There’s been a lot of angst in the past few weeks about the still staggeringly high unemployment rate. Businesses, large or small, are not hiring. But we’re four years into an economic downturn that’s had us all doing more with less, and chances are you and your team are stretched to the max. So even if you’re not ready to hire anyone now, you’re probably hoping to do so soon.
And while you might think it would be easy for any company to snap up employees, in reality, it’s still tough for small businesses—with lower payroll and fewer opportunities for advancement—to compete against big companies that offer benefits and the perception of job security.
So what do you need to do to compete for employees (and to keep the employees you have happy)? A recent study by Unum and Monster.com offers some insights—and has both good news and bad news for small business owners.
First, the good news: The number-one item job candidates look for is a company "that truly cares about the well-being of its employees." Eighty-seven percent of respondents rated caring “very important” in their job hunt, and the percentage was nearly the same for both employed and unemployed respondents.
What else do job seekers care about? Here’s what respondents rated “very important” in the job search:
- A challenging and fulfilling position (84 percent)
- Job security (82 percent)
- An attractive benefits package (74 percent)
Perhaps surprisingly, financial issues ranked much lower on the scale. A high salary was very important to 66 percent of respondents, while bonuses were very important to slightly more than half of respondents.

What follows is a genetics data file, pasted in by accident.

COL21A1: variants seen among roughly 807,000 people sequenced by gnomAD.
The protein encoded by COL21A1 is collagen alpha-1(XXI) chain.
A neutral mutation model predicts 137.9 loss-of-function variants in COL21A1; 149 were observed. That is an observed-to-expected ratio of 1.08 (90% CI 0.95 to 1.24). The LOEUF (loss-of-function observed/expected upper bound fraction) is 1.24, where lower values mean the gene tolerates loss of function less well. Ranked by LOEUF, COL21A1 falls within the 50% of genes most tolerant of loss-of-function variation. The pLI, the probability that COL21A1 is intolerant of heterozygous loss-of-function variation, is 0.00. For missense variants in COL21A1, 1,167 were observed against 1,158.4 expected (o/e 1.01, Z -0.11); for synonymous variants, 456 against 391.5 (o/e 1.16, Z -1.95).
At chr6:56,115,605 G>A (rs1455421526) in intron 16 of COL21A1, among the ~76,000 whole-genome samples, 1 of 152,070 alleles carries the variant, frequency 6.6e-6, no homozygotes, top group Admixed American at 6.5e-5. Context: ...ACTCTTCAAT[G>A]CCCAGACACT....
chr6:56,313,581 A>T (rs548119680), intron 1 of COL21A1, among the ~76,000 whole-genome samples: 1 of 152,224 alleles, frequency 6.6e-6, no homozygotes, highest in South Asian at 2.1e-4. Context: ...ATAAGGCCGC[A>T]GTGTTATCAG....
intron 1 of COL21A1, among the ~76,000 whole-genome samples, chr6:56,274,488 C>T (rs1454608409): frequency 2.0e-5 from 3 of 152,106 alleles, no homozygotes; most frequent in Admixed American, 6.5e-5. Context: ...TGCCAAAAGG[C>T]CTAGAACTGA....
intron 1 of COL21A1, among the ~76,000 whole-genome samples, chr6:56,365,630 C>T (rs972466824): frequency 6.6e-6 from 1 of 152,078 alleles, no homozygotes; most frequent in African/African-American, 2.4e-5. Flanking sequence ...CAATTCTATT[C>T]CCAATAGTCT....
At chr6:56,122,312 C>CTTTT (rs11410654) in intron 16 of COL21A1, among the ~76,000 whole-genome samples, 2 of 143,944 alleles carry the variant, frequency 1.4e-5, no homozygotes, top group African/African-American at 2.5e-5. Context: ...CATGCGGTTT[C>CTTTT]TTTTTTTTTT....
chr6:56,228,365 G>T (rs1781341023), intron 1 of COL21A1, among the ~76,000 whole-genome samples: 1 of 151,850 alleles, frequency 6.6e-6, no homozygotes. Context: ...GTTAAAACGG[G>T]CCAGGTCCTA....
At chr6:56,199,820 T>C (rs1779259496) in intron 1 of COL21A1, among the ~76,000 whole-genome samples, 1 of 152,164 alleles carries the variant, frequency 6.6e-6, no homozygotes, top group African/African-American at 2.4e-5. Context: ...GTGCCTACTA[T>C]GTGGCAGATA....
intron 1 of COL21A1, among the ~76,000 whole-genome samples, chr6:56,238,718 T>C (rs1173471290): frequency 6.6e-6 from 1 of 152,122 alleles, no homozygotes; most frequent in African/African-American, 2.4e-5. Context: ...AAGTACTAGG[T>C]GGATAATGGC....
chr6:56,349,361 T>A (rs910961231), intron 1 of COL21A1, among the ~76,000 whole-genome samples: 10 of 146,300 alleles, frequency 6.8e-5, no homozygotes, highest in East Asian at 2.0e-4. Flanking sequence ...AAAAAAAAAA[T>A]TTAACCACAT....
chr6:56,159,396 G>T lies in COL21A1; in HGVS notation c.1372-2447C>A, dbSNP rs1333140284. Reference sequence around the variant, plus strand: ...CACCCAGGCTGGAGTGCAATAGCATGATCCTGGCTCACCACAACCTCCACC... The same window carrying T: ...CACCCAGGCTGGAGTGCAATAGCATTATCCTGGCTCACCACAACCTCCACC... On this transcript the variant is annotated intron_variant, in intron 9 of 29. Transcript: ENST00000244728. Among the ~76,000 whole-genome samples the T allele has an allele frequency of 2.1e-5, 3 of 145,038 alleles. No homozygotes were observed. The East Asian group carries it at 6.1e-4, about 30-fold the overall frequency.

Unum found similar results in a survey of about 400 human resources decision-makers that it commissioned with Harvard Business Review Analytic Services. Respondents in that study said an attractive benefits package and an ethical, transparent culture were more important in attracting and retaining staff than a high starting salary and job security were. In addition, being a company “that cares about employees’ well-being” was twice as likely to be considered “very important” to attracting and retaining staff than a high base salary.
So what’s the bad news? Well, employees—both job-seekers and employed workers—still perceive good employee benefits as very important to choosing and staying at a job. For most small companies, when it comes to offering employee benefits, it’s tough to compete with bigger companies.
However, since benefits are so important to workers, you need to make a concerted effort to offer the best benefits you possibly can: investigate your options for providing health insurance, look into offering 401(k) plans—they are available for even one-person businesses these days. (They’re also one of the most-desired benefits; in fact, the Unum/Monster.com survey found 82 percent of respondents say such plans are a strong indicator a company cares about employees).
There are other benefits you may be able to offer, such as membership in a credit union, discounts on health club memberships, or the ability to purchase low-cost life insurance. Talk to providers in your area about what arrangements are possible, and you may find creative ways to offer perks that your employees care about—and that will show them you care about them.